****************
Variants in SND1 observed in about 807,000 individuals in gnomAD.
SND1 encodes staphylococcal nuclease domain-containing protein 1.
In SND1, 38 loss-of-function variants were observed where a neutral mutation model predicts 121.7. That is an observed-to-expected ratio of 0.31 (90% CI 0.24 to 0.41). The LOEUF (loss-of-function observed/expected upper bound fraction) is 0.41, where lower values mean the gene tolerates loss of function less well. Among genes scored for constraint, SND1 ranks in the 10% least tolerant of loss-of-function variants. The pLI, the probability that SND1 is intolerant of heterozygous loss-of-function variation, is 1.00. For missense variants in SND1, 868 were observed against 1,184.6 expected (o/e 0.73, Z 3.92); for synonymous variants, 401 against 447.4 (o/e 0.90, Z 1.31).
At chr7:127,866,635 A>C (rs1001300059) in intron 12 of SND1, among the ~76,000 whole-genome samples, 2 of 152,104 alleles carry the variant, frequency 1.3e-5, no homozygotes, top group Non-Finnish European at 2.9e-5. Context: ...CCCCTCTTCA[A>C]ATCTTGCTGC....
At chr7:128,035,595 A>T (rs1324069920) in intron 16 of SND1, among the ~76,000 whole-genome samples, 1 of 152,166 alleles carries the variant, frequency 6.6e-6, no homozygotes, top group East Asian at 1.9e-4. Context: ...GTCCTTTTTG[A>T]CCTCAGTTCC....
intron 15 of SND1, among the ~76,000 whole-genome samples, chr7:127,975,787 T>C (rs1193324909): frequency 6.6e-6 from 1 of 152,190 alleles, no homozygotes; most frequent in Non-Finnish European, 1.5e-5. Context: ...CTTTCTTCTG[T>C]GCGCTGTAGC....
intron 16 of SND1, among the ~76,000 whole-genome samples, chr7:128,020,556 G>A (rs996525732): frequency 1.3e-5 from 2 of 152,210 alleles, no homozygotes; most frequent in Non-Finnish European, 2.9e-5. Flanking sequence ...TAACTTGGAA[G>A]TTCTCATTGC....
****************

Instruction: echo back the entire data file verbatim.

Variants in SND1 observed in about 807,000 individuals in gnomAD.
SND1 encodes staphylococcal nuclease domain-containing protein 1.
In SND1, 38 loss-of-function variants were observed where a neutral mutation model predicts 121.7. That is an observed-to-expected ratio of 0.31 (90% CI 0.24 to 0.41). The LOEUF (loss-of-function observed/expected upper bound fraction) is 0.41, where lower values mean the gene tolerates loss of function less well. Among genes scored for constraint, SND1 ranks in the 10% least tolerant of loss-of-function variants. The pLI, the probability that SND1 is intolerant of heterozygous loss-of-function variation, is 1.00. For missense variants in SND1, 868 were observed against 1,184.6 expected (o/e 0.73, Z 3.92); for synonymous variants, 401 against 447.4 (o/e 0.90, Z 1.31).
At chr7:127,866,635 A>C (rs1001300059) in intron 12 of SND1, among the ~76,000 whole-genome samples, 2 of 152,104 alleles carry the variant, frequency 1.3e-5, no homozygotes, top group Non-Finnish European at 2.9e-5. Context: ...CCCCTCTTCA[A>C]ATCTTGCTGC....
At chr7:128,035,595 A>T (rs1324069920) in intron 16 of SND1, among the ~76,000 whole-genome samples, 1 of 152,166 alleles carries the variant, frequency 6.6e-6, no homozygotes, top group East Asian at 1.9e-4. Context: ...GTCCTTTTTG[A>T]CCTCAGTTCC....
intron 15 of SND1, among the ~76,000 whole-genome samples, chr7:127,975,787 T>C (rs1193324909): frequency 6.6e-6 from 1 of 152,190 alleles, no homozygotes; most frequent in Non-Finnish European, 1.5e-5. Context: ...CTTTCTTCTG[T>C]GCGCTGTAGC....
intron 16 of SND1, among the ~76,000 whole-genome samples, chr7:128,020,556 G>A (rs996525732): frequency 1.3e-5 from 2 of 152,210 alleles, no homozygotes; most frequent in Non-Finnish European, 2.9e-5. Flanking sequence ...TAACTTGGAA[G>A]TTCTCATTGC....